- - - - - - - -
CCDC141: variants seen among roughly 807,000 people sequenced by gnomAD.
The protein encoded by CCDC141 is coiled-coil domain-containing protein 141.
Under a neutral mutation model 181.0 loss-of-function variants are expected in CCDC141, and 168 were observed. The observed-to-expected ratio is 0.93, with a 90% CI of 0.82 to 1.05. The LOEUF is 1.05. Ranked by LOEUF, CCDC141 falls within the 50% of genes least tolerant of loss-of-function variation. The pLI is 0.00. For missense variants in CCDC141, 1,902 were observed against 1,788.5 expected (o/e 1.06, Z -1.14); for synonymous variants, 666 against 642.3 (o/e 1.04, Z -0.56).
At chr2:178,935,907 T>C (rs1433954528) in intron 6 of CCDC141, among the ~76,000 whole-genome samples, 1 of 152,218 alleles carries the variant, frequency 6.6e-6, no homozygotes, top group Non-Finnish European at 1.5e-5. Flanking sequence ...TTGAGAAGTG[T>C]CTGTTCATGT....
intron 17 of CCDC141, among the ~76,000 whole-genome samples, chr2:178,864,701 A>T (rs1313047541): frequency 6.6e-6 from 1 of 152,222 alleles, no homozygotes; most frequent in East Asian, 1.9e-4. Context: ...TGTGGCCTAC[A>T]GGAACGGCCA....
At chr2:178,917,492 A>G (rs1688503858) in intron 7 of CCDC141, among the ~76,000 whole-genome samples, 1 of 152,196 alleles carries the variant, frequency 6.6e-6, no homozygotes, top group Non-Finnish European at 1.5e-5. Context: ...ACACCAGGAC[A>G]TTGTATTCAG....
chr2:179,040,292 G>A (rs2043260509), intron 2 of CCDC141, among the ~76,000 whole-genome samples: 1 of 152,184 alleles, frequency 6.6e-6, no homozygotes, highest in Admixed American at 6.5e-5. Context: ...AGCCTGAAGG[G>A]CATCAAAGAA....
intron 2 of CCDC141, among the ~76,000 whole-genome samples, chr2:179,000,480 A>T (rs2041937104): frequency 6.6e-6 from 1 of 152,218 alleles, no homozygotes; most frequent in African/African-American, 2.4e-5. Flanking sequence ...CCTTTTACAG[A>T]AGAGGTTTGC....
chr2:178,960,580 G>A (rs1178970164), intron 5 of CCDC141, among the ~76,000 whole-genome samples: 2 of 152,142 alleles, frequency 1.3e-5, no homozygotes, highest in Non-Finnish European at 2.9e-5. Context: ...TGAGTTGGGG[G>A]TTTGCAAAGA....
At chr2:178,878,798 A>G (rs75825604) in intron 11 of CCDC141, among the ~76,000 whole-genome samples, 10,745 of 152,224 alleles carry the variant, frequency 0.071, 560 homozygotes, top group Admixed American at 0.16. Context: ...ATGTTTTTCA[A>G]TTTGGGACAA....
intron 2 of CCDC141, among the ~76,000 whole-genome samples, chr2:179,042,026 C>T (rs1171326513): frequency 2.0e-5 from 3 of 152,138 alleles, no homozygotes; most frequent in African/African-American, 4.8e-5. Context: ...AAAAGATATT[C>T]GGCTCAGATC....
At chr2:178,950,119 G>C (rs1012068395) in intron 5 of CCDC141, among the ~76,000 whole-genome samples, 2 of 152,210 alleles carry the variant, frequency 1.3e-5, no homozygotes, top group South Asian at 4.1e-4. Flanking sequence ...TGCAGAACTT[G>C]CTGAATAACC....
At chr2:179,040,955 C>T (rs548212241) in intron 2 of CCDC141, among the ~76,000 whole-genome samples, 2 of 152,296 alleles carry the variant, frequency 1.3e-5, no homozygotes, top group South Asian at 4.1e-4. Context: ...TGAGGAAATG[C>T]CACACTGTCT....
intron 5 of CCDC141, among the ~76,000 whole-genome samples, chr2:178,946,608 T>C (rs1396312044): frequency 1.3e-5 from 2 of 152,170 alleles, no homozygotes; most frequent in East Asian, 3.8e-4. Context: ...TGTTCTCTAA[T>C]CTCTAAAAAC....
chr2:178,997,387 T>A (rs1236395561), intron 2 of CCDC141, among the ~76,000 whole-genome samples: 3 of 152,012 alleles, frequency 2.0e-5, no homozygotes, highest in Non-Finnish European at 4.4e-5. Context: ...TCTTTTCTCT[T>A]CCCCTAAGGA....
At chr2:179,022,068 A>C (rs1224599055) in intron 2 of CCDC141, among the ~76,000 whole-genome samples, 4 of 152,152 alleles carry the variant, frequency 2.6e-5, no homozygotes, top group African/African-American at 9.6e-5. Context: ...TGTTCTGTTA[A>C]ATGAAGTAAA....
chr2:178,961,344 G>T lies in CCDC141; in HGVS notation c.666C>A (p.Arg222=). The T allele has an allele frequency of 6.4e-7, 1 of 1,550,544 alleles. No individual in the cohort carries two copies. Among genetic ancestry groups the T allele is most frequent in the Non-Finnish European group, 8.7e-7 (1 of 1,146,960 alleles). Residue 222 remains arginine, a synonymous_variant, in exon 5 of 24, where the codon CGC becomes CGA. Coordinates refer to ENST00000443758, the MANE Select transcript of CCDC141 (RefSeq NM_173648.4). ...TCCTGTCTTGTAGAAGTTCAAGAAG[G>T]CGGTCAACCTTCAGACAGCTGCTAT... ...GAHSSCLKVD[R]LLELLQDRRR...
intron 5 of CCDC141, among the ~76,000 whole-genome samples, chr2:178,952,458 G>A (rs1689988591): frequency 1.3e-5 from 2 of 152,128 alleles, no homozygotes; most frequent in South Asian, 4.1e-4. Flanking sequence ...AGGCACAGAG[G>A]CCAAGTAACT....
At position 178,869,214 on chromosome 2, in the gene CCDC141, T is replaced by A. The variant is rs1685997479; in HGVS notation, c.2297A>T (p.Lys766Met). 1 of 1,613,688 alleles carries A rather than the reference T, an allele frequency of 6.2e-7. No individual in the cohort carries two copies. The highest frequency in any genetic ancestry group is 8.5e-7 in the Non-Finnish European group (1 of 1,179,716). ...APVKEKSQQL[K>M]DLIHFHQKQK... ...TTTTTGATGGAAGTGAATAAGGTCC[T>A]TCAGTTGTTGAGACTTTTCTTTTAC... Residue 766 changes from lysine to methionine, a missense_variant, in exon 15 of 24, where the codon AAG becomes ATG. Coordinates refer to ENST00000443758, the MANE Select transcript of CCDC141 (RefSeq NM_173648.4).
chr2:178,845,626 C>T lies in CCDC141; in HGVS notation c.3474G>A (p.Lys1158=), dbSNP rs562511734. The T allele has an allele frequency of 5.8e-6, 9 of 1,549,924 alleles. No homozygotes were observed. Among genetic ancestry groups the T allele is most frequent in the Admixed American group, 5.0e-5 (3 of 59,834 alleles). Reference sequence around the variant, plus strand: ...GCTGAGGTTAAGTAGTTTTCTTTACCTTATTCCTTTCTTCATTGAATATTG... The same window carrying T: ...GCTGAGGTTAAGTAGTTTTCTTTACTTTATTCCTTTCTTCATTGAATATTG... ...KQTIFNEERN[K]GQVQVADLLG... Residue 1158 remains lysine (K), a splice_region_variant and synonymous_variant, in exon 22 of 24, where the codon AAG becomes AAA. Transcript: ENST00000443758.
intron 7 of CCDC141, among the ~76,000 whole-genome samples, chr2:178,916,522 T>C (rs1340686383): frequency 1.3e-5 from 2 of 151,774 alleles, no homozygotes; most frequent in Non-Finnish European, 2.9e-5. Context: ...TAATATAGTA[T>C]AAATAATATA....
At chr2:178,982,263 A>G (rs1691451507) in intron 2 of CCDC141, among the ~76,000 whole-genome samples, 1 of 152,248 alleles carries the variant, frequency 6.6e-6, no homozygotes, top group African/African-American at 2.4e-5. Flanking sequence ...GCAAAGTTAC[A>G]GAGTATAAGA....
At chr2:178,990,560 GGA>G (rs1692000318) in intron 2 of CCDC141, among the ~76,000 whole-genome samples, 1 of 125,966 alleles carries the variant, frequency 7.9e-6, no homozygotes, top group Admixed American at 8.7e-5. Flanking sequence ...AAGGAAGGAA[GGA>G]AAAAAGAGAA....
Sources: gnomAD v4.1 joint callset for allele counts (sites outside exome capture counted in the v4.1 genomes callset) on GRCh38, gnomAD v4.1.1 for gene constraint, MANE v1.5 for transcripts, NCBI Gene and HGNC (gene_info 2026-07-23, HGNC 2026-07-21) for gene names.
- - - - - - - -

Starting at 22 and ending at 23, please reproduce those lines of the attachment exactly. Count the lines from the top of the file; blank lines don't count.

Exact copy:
At chr2:178,982,263 A>G (rs1691451507) in intron 2 of CCDC141, among the ~76,000 whole-genome samples, 1 of 152,248 alleles carries the variant, frequency 6.6e-6, no homozygotes, top group African/African-American at 2.4e-5. Flanking sequence ...GCAAAGTTAC[A>G]GAGTATAAGA....
At chr2:178,990,560 GGA>G (rs1692000318) in intron 2 of CCDC141, among the ~76,000 whole-genome samples, 1 of 125,966 alleles carries the variant, frequency 7.9e-6, no homozygotes, top group Admixed American at 8.7e-5. Flanking sequence ...AAGGAAGGAA[GGA>G]AAAAAGAGAA....